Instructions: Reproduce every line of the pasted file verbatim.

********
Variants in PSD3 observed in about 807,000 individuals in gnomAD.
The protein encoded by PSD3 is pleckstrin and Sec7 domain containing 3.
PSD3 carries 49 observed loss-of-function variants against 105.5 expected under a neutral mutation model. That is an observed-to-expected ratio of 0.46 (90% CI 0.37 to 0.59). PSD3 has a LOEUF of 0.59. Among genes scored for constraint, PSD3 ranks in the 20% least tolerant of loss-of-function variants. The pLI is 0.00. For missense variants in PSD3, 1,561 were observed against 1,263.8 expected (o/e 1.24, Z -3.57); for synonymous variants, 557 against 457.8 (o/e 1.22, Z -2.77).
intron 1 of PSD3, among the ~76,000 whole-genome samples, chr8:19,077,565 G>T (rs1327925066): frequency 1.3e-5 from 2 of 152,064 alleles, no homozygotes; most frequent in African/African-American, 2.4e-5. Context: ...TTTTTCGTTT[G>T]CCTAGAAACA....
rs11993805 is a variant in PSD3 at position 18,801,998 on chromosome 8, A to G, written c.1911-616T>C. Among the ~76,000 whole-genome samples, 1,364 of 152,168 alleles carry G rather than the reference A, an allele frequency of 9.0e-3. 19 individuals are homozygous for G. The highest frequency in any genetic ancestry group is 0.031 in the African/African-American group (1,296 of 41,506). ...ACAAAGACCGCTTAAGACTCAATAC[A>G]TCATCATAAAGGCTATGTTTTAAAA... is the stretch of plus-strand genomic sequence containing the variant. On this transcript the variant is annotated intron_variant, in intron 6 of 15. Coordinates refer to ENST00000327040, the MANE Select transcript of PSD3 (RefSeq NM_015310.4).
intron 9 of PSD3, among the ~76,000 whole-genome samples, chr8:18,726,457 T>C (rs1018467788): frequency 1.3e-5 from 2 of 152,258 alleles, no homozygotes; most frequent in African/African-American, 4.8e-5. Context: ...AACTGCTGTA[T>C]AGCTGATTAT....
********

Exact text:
Variants in PSD3 observed in about 807,000 individuals in gnomAD.
The protein encoded by PSD3 is pleckstrin and Sec7 domain containing 3.
PSD3 carries 49 observed loss-of-function variants against 105.5 expected under a neutral mutation model. That is an observed-to-expected ratio of 0.46 (90% CI 0.37 to 0.59). PSD3 has a LOEUF of 0.59. Among genes scored for constraint, PSD3 ranks in the 20% least tolerant of loss-of-function variants. The pLI is 0.00. For missense variants in PSD3, 1,561 were observed against 1,263.8 expected (o/e 1.24, Z -3.57); for synonymous variants, 557 against 457.8 (o/e 1.22, Z -2.77).
intron 1 of PSD3, among the ~76,000 whole-genome samples, chr8:19,077,565 G>T (rs1327925066): frequency 1.3e-5 from 2 of 152,064 alleles, no homozygotes; most frequent in African/African-American, 2.4e-5. Context: ...TTTTTCGTTT[G>T]CCTAGAAACA....
rs11993805 is a variant in PSD3 at position 18,801,998 on chromosome 8, A to G, written c.1911-616T>C. Among the ~76,000 whole-genome samples, 1,364 of 152,168 alleles carry G rather than the reference A, an allele frequency of 9.0e-3. 19 individuals are homozygous for G. The highest frequency in any genetic ancestry group is 0.031 in the African/African-American group (1,296 of 41,506). ...ACAAAGACCGCTTAAGACTCAATAC[A>G]TCATCATAAAGGCTATGTTTTAAAA... is the stretch of plus-strand genomic sequence containing the variant. On this transcript the variant is annotated intron_variant, in intron 6 of 15. Coordinates refer to ENST00000327040, the MANE Select transcript of PSD3 (RefSeq NM_015310.4).
intron 9 of PSD3, among the ~76,000 whole-genome samples, chr8:18,726,457 T>C (rs1018467788): frequency 1.3e-5 from 2 of 152,258 alleles, no homozygotes; most frequent in African/African-American, 4.8e-5. Context: ...AACTGCTGTA[T>C]AGCTGATTAT....